With growing confidence that a framework nuclear deal with Iran will be sealed before the March 31 deadline, Congress is turning its attention to oversight of any nuclear agreement. Two recently introduced Senate bills offer a lesson in contrasts as to how Congress may approach its oversight role and serve as a reminder that Congressional interference still poses a considerable hurdle to a peaceful resolution of the nuclear dispute.
The Corker-Menendez Bill
S. 615, the ‘Iran Nuclear Agreement Review Act’, goes well beyond additional oversight and risks scuttling a nuclear deal. Introduced by Senators Bob Corker, Republican of Tennessee, and Robert Menendez, Democrat of New Jersey, this legislation makes less — rather than more — likely our ability to peacefully secure a nuclear deal with Iran.
S.615 would delay the implementation of a nuclear deal for 60 days – restricting the President’s authority to suspend sanctions. It provides Congress a mechanism to vote down a deal, which would revoke the President’s sanctions waiver authorities and prevent a deal from being implemented. The effect would be to force the U.S. to violate its commitments, likely isolating itself from its international partners while freeing Iran from the tough constraints of a nuclear deal as well as any multilateral sanctions.
The Corker-Menendez bill would also require the President to provide certification on not just Iran’s adherence to a nuclear deal, but that Iran had not committed an act of terrorism against the United States or U.S. nationals. Failure to do so would enable Congress to consider expedited legislation to reimpose nuclear sanctions–and violate a nuclear deal. The United States should contest Iranian support for acts of terrorism, but not at the cost of reneging on a nuclear deal and freeing Iran from constraints on its nuclear program.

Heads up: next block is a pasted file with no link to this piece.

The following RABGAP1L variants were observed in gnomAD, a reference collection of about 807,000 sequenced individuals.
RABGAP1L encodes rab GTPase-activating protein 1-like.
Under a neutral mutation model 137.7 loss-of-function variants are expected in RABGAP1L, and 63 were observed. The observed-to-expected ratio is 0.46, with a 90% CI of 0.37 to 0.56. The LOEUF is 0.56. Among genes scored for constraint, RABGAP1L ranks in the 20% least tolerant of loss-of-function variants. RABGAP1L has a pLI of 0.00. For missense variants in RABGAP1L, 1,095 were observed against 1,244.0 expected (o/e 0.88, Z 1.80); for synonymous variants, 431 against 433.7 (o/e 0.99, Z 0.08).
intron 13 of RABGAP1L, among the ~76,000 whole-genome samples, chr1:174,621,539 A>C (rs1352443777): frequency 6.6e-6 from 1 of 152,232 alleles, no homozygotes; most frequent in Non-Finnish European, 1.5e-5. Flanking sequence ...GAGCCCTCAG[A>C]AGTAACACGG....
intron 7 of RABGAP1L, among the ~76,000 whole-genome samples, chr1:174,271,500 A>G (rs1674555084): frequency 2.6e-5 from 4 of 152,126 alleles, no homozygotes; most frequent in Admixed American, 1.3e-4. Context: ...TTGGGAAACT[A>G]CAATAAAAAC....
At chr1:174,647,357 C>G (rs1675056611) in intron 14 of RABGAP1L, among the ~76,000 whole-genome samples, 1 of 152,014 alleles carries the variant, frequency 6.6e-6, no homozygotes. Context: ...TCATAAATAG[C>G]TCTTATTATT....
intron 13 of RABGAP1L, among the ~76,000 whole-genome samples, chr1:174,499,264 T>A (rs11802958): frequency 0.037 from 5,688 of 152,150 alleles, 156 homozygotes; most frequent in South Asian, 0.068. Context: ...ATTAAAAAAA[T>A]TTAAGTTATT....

The Boxer Alternative
The second of these bills – S.669, the ‘Iran Congressional Oversight Act’ – takes a more balanced approach to Congressional oversight. Introduced by Senator Barbara Boxer, Democrat of California, this bill would require the President to report to Congress every 90 days on Iran’s compliance with a nuclear deal. If the President determines Iran has violated the agreement, then Congress can expedite legislation re-imposing sanctions on Iran.
Additionally, the Boxer bill clarifies the role Congress will play in lifting sanctions if and when it is required to do so under a nuclear deal. In doing this, this legislation proves a more appropriate vehicle for Congressional oversight. It does not insert Congress into the negotiations at the 11th-hour and does not stymie our chance to resolve the nuclear dispute with Iran in a peaceful manner.
The Helsinki Approach
As Congress debates its role following a nuclear deal, it is important to recall historical precedent. In cases where the President has entered into non-binding political commitments with other countries, Congress has tended to keep its distance and not interfere with the negotiations.
Where Congress has claimed a more assertive role, it has done so in ways that do not threaten either the negotiations or an agreement itself. For instance, following the Helsinki Accords, Congress passed a statute creating an independent agency whose task was to measure signatories’ compliance with the Helsinki Final Act. Congress did not threaten to kill the Accords nor to expedite legislation should a violation be found. It did not predetermine the outcome in either of these ways. Instead, it formed a more deliberate body, which continues to exist today, to soberly assess the compliance of all parties to the agreement.
In the weeks and months ahead, Congress will seek to claim institutional prerogatives to oversee a nuclear deal with Iran and to do so in ways that threaten an agreement itself. It is critical, however, that lawmakers consider past precedent and figure out how to exercise their oversight authorities in ways that strengthen the U.S.’s position in negotiations, help secure a strong nuclear deal, and sustain that nuclear deal over the long-term.Back to top